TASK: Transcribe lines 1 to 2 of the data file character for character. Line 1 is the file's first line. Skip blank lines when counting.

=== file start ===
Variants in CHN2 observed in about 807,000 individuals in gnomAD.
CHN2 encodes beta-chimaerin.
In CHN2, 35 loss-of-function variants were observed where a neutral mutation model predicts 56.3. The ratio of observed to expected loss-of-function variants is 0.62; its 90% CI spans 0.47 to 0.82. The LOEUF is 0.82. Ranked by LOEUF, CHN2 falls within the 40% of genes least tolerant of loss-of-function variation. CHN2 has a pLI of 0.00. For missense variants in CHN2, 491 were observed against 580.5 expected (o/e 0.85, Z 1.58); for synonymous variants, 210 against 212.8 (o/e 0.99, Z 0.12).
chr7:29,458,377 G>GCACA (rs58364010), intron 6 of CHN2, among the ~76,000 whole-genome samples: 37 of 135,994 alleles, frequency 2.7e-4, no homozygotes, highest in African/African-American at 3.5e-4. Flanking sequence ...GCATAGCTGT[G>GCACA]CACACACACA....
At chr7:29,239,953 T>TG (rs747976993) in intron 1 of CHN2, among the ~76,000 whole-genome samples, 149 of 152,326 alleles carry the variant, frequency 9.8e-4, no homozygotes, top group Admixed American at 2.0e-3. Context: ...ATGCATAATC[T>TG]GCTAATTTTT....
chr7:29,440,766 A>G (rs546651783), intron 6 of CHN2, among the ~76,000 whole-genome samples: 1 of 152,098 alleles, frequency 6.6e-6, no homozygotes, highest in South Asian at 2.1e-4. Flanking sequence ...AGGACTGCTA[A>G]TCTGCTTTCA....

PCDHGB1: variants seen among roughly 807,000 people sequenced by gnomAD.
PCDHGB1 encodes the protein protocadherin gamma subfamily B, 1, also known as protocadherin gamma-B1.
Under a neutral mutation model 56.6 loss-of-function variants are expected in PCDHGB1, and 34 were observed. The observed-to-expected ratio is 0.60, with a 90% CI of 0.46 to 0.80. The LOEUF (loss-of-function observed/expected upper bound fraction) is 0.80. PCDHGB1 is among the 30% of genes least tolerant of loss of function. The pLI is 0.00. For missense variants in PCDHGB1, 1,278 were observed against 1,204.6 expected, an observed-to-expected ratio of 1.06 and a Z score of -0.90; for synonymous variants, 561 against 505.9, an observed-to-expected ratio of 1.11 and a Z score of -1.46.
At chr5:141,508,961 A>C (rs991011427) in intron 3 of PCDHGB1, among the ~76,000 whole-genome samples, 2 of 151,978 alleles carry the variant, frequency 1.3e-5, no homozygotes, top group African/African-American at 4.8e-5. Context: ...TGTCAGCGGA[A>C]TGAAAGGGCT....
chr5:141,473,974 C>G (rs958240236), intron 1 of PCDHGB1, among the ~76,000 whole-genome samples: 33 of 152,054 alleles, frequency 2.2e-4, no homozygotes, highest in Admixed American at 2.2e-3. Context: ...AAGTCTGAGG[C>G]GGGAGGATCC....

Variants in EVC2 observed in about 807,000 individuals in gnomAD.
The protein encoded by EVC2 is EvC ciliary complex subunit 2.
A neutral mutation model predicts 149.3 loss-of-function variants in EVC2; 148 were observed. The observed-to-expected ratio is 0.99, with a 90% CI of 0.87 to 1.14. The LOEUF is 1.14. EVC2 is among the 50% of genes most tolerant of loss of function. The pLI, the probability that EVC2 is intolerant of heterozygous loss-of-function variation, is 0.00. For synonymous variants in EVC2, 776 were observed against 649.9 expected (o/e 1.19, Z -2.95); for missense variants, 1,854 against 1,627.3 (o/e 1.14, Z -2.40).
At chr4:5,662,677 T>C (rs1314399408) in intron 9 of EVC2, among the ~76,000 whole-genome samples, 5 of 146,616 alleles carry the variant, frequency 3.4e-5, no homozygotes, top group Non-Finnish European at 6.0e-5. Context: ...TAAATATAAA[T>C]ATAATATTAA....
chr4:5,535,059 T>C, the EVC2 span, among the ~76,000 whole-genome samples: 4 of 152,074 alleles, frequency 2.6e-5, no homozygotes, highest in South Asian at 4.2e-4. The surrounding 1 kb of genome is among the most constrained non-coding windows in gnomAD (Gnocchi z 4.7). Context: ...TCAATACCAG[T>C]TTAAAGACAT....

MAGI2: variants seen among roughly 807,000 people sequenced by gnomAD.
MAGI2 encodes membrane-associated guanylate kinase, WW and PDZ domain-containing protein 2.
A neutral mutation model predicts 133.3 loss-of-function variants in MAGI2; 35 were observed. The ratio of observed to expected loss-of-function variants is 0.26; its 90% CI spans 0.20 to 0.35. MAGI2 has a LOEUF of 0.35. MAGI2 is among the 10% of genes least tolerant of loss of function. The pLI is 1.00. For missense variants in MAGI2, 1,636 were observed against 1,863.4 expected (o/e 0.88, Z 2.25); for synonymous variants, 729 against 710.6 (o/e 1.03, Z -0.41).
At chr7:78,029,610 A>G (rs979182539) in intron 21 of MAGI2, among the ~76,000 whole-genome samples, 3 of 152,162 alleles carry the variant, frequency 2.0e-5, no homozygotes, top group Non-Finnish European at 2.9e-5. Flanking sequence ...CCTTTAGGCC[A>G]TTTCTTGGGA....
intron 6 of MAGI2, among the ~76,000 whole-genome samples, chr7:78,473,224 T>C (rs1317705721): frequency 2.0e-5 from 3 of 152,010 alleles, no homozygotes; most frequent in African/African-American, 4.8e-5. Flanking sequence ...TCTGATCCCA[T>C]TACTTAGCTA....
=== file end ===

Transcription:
Variants in CHN2 observed in about 807,000 individuals in gnomAD.
CHN2 encodes beta-chimaerin.